Statutory paternity leave and paternity pay is available to fathers and the partners of mothers and adopters. You may have a contractual right to paternity leave and pay as well as your statutory right. You may combine these rights and you may take advantage of whichever provision is more favourable. If in doubt, seek advice from the AdviceLine.
Statutory paternity pay
Statutory Paternity Pay is a weekly payment made by employers to eligible employees for one or two weeks.
You will be entitled to Statutory Paternity Pay if you qualify for Statutory Paternity Leave and you:
- have been employed by the same employer from the end of the 15th week before the expected week of birth to the date of the birth, or 26 weeks by the date of notification of placement; and
- earn at least the lower earnings limit per week for 8 weeks ending with the 15th week before the expected week of the birth, or notification of the placement.
You will be entitled to the weekly rate of Statutory Paternity Pay or 90 per cent of your average weekly earnings if this is lower.
Statutory paternity leave
Statutory Paternity Leave is an absence from work to care for a newborn child or adopted child or to support the child's mother or main adopter.
- Paternity benefits are available to the:
- husband or partner of the mother.
spouse or partner of the adopter.
All employees who have worked for their employer for 26 weeks by the 15th week before the expected week of childbirth, or 26 weeks by the date of notification of placement are covered.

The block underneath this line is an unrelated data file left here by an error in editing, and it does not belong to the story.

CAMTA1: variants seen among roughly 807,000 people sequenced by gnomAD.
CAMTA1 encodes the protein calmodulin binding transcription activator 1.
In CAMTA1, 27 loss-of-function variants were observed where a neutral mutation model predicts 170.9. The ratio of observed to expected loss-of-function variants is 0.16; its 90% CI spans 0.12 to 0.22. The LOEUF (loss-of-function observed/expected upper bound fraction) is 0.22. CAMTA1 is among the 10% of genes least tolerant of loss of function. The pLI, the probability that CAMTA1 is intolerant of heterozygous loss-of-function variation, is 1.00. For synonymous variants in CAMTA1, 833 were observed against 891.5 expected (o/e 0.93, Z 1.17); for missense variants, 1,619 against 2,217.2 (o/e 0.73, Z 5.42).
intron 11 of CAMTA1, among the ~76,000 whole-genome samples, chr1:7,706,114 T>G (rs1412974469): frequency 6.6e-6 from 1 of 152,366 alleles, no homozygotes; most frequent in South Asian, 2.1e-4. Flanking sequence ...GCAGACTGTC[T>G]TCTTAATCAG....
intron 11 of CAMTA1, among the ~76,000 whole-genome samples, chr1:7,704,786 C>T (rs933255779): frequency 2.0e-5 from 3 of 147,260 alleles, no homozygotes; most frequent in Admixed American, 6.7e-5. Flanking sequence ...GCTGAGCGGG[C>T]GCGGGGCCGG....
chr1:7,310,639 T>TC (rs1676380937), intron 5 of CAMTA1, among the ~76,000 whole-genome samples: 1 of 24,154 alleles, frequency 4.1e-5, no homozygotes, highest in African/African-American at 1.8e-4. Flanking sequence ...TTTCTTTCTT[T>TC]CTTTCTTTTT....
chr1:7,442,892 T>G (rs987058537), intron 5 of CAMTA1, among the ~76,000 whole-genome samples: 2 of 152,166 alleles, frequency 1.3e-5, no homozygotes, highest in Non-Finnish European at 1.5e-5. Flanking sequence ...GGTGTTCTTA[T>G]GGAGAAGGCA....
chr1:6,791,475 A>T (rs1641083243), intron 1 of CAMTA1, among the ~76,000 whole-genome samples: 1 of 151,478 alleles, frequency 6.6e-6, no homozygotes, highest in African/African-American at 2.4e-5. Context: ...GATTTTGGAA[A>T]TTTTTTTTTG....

You may wish to discuss with your employer the possibility of being paid paternity pay at the normal salary rate. Although this is not in the legislation, employers do have the discretion to increase the amount of paternity pay they provide.
Employers may also be flexible about how paternity leave is taken and may, for example, allow one week to be taken at the time the child is born and the second week to be taken a few weeks later.
If your employer only pays a few days at full pay, the remainder of your paternity pay will be paid at the rate of statutory paternity pay.
Prospective fathers or a mother’s partner can take unpaid time off work to attend up to two antenatal appointments if they are an employee or if they have worked as an agency worker in the same role with the same school or college for at least 12 weeks. A maximum of 6.5 hours can be taken for each appointment. The NEU recommends that employers should agree the time off to be on full pay.
You should notify your employer of your wish to take paternity leave by the following dates:
- birth - the 15th week before the expected week of childbirth
- adoption - within seven days of the notification of placement.
You must provide a paternity certificate to your employer. This is a written statement that you are entitled to take paternity leave, the expected week of childbirth or date of placement and when you would like your paternity leave to start. Your employer may have a locally produced form for this; otherwise, a letter with the relevant information will be sufficient.
Starting paternity leave
Paternity leave can be taken on the day that the child is born or placed for adoption and must be taken within 56 days of the birth or placement for adoption. If the child is born prematurely then you have 56 days from the expected date of childbirth to take the leave. Paternity leave can also be taken if the baby is stillborn after 24 weeks.
You may only take one block of paternity leave and this can either be one or two weeks in length.
You may vary the start of your paternity leave by giving 28 days' notice.
Make sure that you take your paternity leave before you take any shared parental leave. If you take shared parental leave first, you will not be able to exercise your right to statutory paternity leave.